The Importance of Multi-Factor Authentication
A password is no longer enough to secure your information or data or prevent access to your many online accounts. A ‘password’ implies a single word without spaces; a ‘passphrase’ is often longer and encourages the use of spaces in between words – a great way to improve complexity. There are other reasons as to why passphrases are better than passwords:
- 1. Passphrases can be easier to remember without compromising on entropy (how unpredictable/complex credentials are)
- 2. The use of upper and lower case characters along with punctuation will help to satisfy complexity requirements
In addition to this, we would always recommend a credential manager to store this information securely. They can also be used to generate a unique passphrase for each account.
Multi-factor authentication (MFA) is the process by which a person proves their identity to gain access to information or data using more than one authentication method. This can be achieved by combining different credentials from multiple categories which often includes;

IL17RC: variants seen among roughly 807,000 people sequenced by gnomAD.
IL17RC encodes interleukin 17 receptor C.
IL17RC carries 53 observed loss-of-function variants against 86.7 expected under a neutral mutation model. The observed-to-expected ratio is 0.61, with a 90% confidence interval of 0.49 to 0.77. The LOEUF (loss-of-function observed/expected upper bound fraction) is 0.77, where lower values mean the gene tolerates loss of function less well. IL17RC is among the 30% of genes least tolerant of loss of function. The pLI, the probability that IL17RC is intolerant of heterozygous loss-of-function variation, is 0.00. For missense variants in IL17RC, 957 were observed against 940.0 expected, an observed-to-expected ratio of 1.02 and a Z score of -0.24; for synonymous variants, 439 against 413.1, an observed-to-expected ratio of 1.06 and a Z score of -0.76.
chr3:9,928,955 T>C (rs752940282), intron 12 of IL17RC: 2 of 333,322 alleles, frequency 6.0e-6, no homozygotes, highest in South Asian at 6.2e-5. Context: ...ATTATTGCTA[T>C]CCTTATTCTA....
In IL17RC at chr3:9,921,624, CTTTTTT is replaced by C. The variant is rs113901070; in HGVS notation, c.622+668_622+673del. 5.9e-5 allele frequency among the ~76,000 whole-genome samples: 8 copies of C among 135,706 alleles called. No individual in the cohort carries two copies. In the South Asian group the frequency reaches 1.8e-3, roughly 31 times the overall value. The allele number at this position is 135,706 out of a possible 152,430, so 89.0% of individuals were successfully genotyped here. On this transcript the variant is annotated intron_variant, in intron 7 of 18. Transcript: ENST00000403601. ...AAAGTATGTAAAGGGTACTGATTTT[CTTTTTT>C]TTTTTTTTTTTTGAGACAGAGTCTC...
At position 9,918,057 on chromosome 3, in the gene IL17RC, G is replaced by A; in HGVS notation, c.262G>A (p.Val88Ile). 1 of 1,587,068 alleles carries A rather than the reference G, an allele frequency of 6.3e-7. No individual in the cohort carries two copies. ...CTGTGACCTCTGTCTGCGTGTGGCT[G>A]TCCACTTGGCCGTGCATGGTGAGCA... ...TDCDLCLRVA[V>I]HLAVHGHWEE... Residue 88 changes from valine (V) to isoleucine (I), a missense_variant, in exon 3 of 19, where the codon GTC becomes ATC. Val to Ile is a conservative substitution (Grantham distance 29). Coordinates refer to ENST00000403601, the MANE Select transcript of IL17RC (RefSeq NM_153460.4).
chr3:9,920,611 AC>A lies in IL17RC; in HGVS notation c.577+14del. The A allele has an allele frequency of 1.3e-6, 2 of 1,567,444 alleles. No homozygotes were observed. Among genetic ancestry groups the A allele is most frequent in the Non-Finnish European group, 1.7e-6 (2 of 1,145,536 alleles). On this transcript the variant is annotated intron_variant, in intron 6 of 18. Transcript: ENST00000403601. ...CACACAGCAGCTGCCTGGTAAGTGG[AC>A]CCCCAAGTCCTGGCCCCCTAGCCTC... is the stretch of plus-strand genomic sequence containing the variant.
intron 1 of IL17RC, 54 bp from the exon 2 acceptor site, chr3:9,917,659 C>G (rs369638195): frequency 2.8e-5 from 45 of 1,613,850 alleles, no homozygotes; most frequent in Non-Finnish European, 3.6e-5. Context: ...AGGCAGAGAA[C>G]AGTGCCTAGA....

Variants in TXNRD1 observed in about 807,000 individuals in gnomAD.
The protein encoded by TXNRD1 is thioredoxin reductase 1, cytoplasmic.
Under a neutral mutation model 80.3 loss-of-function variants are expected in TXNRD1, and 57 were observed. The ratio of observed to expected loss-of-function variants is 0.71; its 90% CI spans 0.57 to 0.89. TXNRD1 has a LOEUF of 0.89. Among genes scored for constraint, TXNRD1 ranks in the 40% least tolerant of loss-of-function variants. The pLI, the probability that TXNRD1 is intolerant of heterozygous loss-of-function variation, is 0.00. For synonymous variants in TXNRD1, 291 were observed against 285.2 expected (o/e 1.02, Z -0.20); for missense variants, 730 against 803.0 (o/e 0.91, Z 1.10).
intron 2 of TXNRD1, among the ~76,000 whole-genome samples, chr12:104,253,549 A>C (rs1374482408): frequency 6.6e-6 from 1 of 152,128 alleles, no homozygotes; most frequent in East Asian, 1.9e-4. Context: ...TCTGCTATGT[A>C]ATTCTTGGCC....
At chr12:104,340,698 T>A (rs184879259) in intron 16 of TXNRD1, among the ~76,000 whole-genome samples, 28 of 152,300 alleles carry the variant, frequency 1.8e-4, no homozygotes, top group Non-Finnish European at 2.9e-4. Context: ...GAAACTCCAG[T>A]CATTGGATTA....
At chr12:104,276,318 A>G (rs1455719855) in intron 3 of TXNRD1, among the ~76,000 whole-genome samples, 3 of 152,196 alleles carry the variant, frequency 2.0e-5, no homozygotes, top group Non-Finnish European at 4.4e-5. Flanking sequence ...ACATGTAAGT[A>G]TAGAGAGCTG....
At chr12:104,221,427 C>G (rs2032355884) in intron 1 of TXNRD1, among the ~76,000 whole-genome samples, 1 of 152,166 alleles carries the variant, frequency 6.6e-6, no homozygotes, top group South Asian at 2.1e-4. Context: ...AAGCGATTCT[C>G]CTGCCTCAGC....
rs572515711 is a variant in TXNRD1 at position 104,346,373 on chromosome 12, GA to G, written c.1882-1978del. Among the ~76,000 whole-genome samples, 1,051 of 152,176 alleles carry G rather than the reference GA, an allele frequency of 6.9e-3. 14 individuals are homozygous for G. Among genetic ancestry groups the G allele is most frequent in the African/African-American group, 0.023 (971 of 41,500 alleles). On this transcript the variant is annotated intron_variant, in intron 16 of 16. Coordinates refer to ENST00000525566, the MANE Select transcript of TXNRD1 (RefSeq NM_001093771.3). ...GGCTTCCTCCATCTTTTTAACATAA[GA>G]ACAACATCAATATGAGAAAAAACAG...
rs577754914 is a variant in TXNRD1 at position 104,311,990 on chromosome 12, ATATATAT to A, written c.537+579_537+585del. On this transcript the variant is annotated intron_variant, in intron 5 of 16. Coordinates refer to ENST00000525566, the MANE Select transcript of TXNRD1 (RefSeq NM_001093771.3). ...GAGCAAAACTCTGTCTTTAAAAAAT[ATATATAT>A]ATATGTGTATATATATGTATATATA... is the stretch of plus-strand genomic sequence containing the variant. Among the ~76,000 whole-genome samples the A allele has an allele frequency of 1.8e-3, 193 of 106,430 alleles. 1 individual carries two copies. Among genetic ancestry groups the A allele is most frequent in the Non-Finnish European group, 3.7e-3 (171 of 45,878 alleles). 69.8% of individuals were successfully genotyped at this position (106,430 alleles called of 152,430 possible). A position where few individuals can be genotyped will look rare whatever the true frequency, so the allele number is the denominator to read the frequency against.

- • A passphrase
- • A smartcard or token (via authentication app or SMS text message)
- • Biometrics (fingerprint or retina – but this is used more in the enterprise environment)
Whilst multi-factor authentication has been a feature in certain industries such as banking (in the form of One-Time-Passwords or OTP) for a few years now, a large number of home users are yet to adopt this improved security method.
When a sample group were asked in a recent study why they did not use MFA 41% said inconvenience was the primary reason (source University of Maryland and Johns Hopkins University study).
With the addition to authentication apps for mobile devices, MFA is now easier and more efficient than ever before. To see which online services currently offer two-factor/multi-factor authentication check out this website twofactorauth.org.